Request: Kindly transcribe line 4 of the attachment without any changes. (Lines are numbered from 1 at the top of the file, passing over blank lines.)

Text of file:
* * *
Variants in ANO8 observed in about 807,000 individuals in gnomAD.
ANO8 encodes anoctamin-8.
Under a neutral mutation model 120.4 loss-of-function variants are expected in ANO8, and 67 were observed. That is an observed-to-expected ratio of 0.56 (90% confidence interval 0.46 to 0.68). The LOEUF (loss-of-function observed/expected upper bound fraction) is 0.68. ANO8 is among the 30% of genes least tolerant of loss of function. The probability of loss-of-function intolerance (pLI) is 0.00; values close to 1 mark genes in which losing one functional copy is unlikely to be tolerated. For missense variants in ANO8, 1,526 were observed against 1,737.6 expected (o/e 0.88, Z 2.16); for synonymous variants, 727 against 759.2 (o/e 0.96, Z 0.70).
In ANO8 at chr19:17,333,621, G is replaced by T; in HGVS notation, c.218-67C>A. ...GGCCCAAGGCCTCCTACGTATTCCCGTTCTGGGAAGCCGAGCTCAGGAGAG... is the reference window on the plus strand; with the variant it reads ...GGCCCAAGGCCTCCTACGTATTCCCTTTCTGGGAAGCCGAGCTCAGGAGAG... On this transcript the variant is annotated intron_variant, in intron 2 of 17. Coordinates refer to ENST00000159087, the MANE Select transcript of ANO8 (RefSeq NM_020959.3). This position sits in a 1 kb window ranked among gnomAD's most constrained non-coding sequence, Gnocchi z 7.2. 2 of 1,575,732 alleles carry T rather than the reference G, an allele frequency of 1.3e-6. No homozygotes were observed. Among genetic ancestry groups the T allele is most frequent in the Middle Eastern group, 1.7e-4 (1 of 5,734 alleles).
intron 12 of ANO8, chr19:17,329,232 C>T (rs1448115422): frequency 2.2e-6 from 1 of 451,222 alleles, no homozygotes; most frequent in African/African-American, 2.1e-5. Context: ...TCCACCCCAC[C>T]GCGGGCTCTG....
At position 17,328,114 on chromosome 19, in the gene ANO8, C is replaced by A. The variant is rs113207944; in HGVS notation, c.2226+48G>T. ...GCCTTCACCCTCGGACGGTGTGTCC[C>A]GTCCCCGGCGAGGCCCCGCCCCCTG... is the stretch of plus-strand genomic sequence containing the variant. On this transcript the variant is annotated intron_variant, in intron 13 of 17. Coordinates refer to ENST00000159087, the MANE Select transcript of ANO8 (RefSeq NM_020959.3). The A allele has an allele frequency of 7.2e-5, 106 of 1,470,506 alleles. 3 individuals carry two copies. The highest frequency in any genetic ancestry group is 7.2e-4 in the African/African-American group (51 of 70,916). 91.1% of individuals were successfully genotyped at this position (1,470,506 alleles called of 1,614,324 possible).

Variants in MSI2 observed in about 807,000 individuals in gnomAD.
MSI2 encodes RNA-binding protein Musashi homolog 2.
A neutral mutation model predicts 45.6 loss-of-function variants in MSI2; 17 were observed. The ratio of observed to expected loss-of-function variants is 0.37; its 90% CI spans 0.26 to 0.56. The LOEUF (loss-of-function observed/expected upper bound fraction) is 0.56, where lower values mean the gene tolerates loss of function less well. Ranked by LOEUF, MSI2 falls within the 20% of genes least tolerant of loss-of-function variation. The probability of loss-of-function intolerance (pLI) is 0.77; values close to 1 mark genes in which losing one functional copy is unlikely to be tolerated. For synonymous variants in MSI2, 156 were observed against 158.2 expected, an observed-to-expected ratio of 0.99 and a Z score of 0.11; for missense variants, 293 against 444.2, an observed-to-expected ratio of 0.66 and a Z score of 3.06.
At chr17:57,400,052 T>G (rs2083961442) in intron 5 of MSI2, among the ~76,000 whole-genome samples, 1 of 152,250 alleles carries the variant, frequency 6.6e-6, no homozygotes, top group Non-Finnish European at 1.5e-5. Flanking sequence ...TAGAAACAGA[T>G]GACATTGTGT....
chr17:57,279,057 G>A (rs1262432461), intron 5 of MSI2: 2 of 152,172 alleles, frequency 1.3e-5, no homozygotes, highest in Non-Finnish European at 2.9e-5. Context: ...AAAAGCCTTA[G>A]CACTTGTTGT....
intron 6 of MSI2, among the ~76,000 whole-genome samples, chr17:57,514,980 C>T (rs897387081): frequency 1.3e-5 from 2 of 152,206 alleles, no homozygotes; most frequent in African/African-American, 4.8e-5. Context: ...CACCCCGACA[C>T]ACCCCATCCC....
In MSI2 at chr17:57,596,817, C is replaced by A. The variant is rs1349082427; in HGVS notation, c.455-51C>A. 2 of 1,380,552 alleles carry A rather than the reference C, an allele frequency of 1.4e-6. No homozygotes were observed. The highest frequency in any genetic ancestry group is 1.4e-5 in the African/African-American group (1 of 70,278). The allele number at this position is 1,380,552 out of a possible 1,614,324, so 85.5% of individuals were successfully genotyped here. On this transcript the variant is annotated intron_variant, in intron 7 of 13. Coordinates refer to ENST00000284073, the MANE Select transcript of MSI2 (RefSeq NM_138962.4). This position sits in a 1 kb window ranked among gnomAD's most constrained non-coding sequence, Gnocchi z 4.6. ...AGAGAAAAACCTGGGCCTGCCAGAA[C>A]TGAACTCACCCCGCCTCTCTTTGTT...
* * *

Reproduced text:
In ANO8 at chr19:17,333,621, G is replaced by T; in HGVS notation, c.218-67C>A. ...GGCCCAAGGCCTCCTACGTATTCCCGTTCTGGGAAGCCGAGCTCAGGAGAG... is the reference window on the plus strand; with the variant it reads ...GGCCCAAGGCCTCCTACGTATTCCCTTTCTGGGAAGCCGAGCTCAGGAGAG... On this transcript the variant is annotated intron_variant, in intron 2 of 17. Coordinates refer to ENST00000159087, the MANE Select transcript of ANO8 (RefSeq NM_020959.3). This position sits in a 1 kb window ranked among gnomAD's most constrained non-coding sequence, Gnocchi z 7.2. 2 of 1,575,732 alleles carry T rather than the reference G, an allele frequency of 1.3e-6. No homozygotes were observed. Among genetic ancestry groups the T allele is most frequent in the Middle Eastern group, 1.7e-4 (1 of 5,734 alleles).